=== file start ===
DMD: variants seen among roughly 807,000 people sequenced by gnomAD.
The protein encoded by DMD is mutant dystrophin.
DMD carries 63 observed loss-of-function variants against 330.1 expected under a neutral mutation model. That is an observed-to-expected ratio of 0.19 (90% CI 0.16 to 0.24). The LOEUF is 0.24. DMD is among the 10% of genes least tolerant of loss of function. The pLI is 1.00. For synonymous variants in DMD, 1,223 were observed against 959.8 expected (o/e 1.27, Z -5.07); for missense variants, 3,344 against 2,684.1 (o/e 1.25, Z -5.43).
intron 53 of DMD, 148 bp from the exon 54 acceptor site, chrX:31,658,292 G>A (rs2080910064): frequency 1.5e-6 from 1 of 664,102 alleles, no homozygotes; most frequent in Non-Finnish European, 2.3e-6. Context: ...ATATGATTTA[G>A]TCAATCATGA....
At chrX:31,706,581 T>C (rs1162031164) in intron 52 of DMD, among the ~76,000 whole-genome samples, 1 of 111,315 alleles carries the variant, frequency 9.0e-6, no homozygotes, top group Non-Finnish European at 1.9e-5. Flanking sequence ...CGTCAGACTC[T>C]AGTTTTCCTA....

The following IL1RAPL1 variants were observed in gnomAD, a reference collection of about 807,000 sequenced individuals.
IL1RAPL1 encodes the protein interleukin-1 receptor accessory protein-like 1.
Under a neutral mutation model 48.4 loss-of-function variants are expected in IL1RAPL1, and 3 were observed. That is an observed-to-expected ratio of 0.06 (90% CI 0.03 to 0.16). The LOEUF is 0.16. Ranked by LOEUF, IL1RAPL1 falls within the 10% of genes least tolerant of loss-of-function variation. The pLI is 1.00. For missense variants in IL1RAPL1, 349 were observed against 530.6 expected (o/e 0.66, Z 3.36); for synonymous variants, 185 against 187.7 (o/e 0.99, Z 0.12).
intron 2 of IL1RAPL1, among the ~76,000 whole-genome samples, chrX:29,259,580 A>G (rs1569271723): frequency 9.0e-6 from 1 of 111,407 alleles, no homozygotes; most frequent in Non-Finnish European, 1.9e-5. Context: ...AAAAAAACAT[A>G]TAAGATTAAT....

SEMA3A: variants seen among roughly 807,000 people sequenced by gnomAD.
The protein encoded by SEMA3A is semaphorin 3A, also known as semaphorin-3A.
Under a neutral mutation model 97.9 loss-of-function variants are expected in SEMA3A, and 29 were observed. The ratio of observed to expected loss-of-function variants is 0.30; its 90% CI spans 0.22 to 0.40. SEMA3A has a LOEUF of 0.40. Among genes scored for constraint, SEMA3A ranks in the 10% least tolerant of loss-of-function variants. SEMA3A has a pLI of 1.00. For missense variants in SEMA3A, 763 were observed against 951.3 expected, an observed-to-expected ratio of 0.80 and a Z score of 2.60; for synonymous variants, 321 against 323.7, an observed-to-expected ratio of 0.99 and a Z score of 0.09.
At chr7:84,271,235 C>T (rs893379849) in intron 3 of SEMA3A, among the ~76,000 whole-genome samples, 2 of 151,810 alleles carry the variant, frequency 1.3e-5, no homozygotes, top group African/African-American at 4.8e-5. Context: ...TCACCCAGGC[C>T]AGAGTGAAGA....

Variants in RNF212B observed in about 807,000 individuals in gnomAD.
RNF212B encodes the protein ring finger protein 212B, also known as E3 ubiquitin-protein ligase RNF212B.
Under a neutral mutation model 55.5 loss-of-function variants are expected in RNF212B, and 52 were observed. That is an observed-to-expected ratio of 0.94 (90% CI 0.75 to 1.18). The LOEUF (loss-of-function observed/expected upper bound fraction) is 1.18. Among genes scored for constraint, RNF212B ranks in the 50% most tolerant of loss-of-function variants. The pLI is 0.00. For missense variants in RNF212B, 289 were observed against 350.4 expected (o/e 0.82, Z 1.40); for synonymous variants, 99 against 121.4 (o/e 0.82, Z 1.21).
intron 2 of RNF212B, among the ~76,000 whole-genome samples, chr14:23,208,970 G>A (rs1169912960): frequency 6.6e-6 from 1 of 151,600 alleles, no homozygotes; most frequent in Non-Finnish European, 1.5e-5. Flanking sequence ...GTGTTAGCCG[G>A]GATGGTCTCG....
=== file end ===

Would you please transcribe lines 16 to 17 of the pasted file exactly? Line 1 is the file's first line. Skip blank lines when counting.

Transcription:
Under a neutral mutation model 55.5 loss-of-function variants are expected in RNF212B, and 52 were observed. That is an observed-to-expected ratio of 0.94 (90% CI 0.75 to 1.18). The LOEUF (loss-of-function observed/expected upper bound fraction) is 1.18. Among genes scored for constraint, RNF212B ranks in the 50% most tolerant of loss-of-function variants. The pLI is 0.00. For missense variants in RNF212B, 289 were observed against 350.4 expected (o/e 0.82, Z 1.40); for synonymous variants, 99 against 121.4 (o/e 0.82, Z 1.21).
intron 2 of RNF212B, among the ~76,000 whole-genome samples, chr14:23,208,970 G>A (rs1169912960): frequency 6.6e-6 from 1 of 151,600 alleles, no homozygotes; most frequent in Non-Finnish European, 1.5e-5. Flanking sequence ...GTGTTAGCCG[G>A]GATGGTCTCG....